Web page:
Weekly output: sneaky Android apps

My extended July 4 weekend involved a possibly dangerous quantity of backyard fireworks, too much grilled food, three baseball games, and one World Cup victory for the United States. (U.S. Soccer, pay the women more.) I hope your holiday was comparable.

7/3/2019: These are the sneaky new ways that Android apps are tracking you, Fast Company

My first post for a publication that I’ve eyed for a while covers a presentation of a study on Android app privacy that I watched two weeks ago at a Federal Trade Commission event in Washington. On one hand, I was happy that this study and a second outlined at this FTC event found no evidence that Facebook’s apps were surreptitiously listening to people. On the other hand, I was angry to see so much deceit involved in apps trying to capture a phone’s location or identity. Who involved thought that kind of creeptacular sneaking around would be a sustainable business strategy?

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Weekly output: 8K TV, privacy at Google I/O, Waymo

A week after taking off for the Bay Area to cover Google’s I/O conference, I’m departing for Denver early Monday afternoon. This week’s excuse for propping up the airline industry: moderating a state-of-the-industry panel at the Pay TV Show, in return for which the conference organizers are covering my travel costs.

5/6/2019: Dark clouds invade forecast for 8K TV shipments, FierceVideo

My big takeaway from the IFA Global Press Conference two weeks ago was a dramatically more pessimistic forecast for 8K TV shipments from the research firm IHS Markit. It was refreshing to see analysts decline to get in line behind industry hype over a new product category.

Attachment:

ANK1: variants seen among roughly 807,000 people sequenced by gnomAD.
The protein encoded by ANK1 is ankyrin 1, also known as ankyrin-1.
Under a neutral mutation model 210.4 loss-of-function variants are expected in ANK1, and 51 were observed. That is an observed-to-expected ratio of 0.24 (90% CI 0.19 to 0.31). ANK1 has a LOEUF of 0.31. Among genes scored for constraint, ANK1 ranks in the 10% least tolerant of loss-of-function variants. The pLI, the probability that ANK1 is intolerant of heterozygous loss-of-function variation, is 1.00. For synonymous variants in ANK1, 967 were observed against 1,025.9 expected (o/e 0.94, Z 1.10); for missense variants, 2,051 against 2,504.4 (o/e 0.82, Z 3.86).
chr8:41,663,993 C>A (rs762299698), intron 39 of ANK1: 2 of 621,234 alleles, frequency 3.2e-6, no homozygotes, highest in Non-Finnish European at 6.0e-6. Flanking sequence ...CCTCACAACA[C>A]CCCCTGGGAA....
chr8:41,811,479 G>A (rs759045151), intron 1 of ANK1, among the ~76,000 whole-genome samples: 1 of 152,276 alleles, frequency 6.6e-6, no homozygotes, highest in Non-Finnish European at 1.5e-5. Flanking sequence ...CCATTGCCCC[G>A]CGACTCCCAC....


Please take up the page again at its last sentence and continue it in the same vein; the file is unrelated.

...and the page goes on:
5/8/2019: Google attempts a pivot toward privacy at I/O developer conference, USA Today

For the first time in my experience, USAT didn’t send any of its own reporters to Google’s developer conference, leaving this piece my client’s sole dateline from that event.

5/10/2019: Waymo Doesn’t Mind Being Boring, CityLab

I took a break from I/O Wednesday morning to attend a press event hosted by Waymo, the self-driving-car subsidiary of Google’s parent firm Alphabet. Said event did not feature any time as a passenger in one of Waymo’s autonomous Chrysler Pacifica minivans, because the company apparently still doesn’t have the California permit needed to offer rides to non-employees.

On top of those stories, I also launched a page on the Patreon crowdfunding site. Despite getting no more publicity than a post here Saturday evening and one appreciative tweet afterwards, this experiment already has a non-zero number of supporters pledging to chip in a couple of dollars a month. So I’ve got that going for me, which is nice.